Additional info on IRATA’s Tower, including preorders and teaser tracks, will be available in the coming weeks. In the meantime, IRATA will kick off a short stretch of live dates next month. Set to commence March 8th in Asheville, North Carolina and run through March 16th in New Orleans, Louisiana, The Rising Sun Tour includes a performance at Small Stone’s special SXSW showcase March 13th alongside their new labelmates Tia Carrera, Irata, La Chinga, Sundrifter, Dwellers, and The Cold Stares. See all confirmed dates below.

IRATA – Rising Sun Tour:
3/08/2019 Odditorium – Asheville, NC
3/09/2019 Maggie Meyers Irish Pub – Huntsville, AL
3/10/2019 Growlers – Memphis, TN
3/11/2019 Double Wide – Dallas, TX
3/12/2019 Over Flow Festival @ Super Happy Fun Land – Houston, TX
3/13/2019 Small Stone SXSW Showcase @ Lamberts – Austin, TX
3/14/2019 Spider House Stoner Jam – Austin, TX
3/15/2019 The Mix – San Antonio, TX
3/16/2019 Santos – New Orleans, LA

IRATA
Jon Case – bass, vocals
Jason Ward – drums, vocals, synth
Cheryl Manner – guitar
Owen Burd – guitar

http://www.facebook.com/iratabandofficial
https://iratalive.bandcamp.com/
https://www.iratalive.com/
http://www.smallstone.com
http://www.facebook.com/smallstonerecords
http://www.smallstone.bandcamp.com

Irata, Tower (2019)

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Sundrifter Post “Sons of Belial” Video; Playing SXSW and More

Posted in Bootleg Theater on January 28th, 2019 by JJ Koczan

sundrifter

For those who think desert rock has to come from a desert, let alone any specific desert, Boston’s Sundrifter would stand in ready contradiction to such geographic prejudice. The trio issued Visitations (review here), through Small Stone Records last year as their label debut and second album overall, and its atmosphere, combination of laid-back roll, weighted tones and melodies — read: fuzz, fuzz, fuzz — situate it well within the parameters of a desert style. Shit, they’ve got desert rock in Finland. You can’t tell me it can’t come from the East Coast.

That said, one of the most fascinating aspects of Sundrifter‘s Visitations, which earns a revisit with the band’s new video for opening track “Sons of Belial,” is the band’s defiance of their climate. I’m not just talking about miserable Boston weather — though people in the area do, at length, as though they’re continually surprised by it — but also the greater Northeastern tendency toward an intensity of delivery. Visitations has its moments of push, as in “Lightworker” or parts of “Targeted,” which follows on side A, but even these are carried out with a sense of melody and serenity behind them, and at their most forward-directed, Sundrifter owe far more to Queens of the Stone Age than even to their Beantown forebears in Roadsaw. Coupled with the sense of atmosphere manifest from guitarist/vocalist Craig Peura, bassist Paul Gaughran and drummer Patrick Queenan, that mellow-ish overarching vibe does much to enrich the listening experience overall. It’s not that they’re lacking energy, they’re just not using that energy to shout shit at you from a moving vehicle.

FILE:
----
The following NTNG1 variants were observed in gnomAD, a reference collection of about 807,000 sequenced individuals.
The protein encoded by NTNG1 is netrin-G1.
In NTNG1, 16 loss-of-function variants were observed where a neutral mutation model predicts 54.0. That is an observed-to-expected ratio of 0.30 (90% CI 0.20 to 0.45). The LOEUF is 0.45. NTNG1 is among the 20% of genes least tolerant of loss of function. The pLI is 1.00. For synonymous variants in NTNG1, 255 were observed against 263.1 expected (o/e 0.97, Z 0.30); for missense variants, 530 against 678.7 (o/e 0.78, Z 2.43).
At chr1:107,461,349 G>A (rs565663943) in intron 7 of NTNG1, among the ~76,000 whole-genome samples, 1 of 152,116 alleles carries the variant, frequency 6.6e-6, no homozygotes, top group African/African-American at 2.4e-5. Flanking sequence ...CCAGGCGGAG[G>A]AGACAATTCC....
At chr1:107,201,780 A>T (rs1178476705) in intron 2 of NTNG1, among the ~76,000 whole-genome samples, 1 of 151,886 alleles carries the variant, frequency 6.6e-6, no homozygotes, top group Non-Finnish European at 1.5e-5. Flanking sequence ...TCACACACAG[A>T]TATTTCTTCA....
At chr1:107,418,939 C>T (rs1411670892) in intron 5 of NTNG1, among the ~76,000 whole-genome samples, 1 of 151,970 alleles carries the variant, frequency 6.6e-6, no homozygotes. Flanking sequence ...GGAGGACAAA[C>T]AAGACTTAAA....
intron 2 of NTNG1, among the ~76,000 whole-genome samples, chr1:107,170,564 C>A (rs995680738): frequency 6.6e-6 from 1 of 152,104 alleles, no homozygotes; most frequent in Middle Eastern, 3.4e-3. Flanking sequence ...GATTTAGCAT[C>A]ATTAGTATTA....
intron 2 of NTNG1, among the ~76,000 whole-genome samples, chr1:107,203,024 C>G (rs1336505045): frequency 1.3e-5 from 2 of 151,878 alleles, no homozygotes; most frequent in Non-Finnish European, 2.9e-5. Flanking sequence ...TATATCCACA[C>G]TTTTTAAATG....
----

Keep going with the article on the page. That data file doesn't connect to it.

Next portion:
They’ve reportedly started writing new material, which is plenty nifty, but Sundrifter will head out of New England as well as 2019 gets underway, hitting up SXSW in Austin, Texas, this March to play Small Stone‘s return showcase, dubbed ‘The Finest in Fuzz,’ alongside Tia CarreraDwellersIrataLa Chinga and The Cold Stares. I have no doubt they’ll be made to feel duly welcome in that environment, even as they convey one so seemingly disparate from that which they left behind. More shows are reportedly to be added this Spring, so stay tuned.

And of course you can enjoy “Sons of Belial” on the player below, followed by more info from the PR wire.

Dig:

Sundrifter, “Sons of Belial” official video

“Sons Of Belial” [is] the latest video from New England-based desert rock trio SUNDRIFTER. The track comes by way of the band’s Visitations full-length released via Small Stone last fall.

Notes the band of the fittingly trippy performance clip, “The video for ‘Sons Of Belial’ was filmed at Futura Productions in Roslindale, Massachusetts. The space used to be an old Masonic Temple later converted into an orchestral recording studio. We have been fortunate enough to be able to use the space for tracking both our albums Visitations and Not Coming Back. The space has a certain feel and most importantly an incredible live sound for drums/ For the video, we wanted to glow the entire room red, similar to our live shows. The red glow can put us in a certain state of mind, and it creates an atmosphere which allows a complete experience for the audience. We strive to create imagery through song writing and set certain vibes for the listener and this video for ‘Sons Of Belial’ tries to capture that experience.”

In related news, SUNDRIFTER will play Small Stone’s special SXSW showcase this March alongside Tia Carrera, Irata, La Chinga, Dwellers, and The Cold Stares with additional live performances to be announced in the coming weeks.

SUNDRIFTER:
3/13/2019 Small Stone SXSW Showcase @ Lamberts – Austin, TX

Sundrifter, Visitations (2018)

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Small Stone Records website

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Tia Carrera to Release Visitors / Early Purple March 22; Playing SXSW

Posted in Whathaveyou on January 23rd, 2019 by JJ Koczan

tia carrera